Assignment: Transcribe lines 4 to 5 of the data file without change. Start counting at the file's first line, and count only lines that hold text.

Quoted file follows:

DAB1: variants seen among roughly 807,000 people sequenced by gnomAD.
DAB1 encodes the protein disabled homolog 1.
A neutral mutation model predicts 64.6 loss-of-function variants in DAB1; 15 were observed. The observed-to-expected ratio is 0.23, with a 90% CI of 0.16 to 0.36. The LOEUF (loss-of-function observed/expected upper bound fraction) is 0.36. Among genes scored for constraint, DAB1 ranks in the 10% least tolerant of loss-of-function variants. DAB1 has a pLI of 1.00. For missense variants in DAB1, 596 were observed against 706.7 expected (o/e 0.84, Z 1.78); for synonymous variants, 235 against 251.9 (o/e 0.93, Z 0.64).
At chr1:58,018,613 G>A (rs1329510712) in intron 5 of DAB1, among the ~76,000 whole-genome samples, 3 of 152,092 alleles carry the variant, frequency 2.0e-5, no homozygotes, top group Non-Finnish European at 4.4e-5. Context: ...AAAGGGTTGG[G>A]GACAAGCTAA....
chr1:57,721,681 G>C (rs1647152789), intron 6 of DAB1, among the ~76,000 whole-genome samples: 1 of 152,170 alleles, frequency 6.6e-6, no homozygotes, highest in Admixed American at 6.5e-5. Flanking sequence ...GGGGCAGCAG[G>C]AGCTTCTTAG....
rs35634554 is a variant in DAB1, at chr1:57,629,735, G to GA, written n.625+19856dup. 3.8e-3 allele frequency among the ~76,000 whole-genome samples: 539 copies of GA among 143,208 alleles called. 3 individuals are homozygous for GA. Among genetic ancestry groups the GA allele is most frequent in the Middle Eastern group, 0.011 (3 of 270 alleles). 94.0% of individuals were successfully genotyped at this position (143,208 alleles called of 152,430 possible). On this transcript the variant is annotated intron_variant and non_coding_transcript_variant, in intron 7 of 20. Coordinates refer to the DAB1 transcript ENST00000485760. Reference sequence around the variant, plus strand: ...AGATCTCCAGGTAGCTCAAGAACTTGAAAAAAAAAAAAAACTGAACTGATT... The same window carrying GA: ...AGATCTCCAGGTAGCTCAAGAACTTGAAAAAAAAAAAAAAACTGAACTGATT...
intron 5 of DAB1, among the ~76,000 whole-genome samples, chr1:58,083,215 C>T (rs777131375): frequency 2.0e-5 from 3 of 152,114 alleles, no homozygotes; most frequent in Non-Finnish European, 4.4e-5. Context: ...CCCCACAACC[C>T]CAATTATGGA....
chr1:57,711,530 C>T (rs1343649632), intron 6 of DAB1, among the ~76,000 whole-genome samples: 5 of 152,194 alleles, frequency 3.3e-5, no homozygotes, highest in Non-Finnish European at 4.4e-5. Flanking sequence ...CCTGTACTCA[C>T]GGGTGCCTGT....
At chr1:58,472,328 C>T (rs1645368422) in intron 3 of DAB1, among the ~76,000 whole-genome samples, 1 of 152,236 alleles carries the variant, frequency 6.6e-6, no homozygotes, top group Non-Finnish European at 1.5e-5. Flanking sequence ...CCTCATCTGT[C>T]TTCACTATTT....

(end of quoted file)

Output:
At chr1:58,018,613 G>A (rs1329510712) in intron 5 of DAB1, among the ~76,000 whole-genome samples, 3 of 152,092 alleles carry the variant, frequency 2.0e-5, no homozygotes, top group Non-Finnish European at 4.4e-5. Context: ...AAAGGGTTGG[G>A]GACAAGCTAA....
chr1:57,721,681 G>C (rs1647152789), intron 6 of DAB1, among the ~76,000 whole-genome samples: 1 of 152,170 alleles, frequency 6.6e-6, no homozygotes, highest in Admixed American at 6.5e-5. Flanking sequence ...GGGGCAGCAG[G>C]AGCTTCTTAG....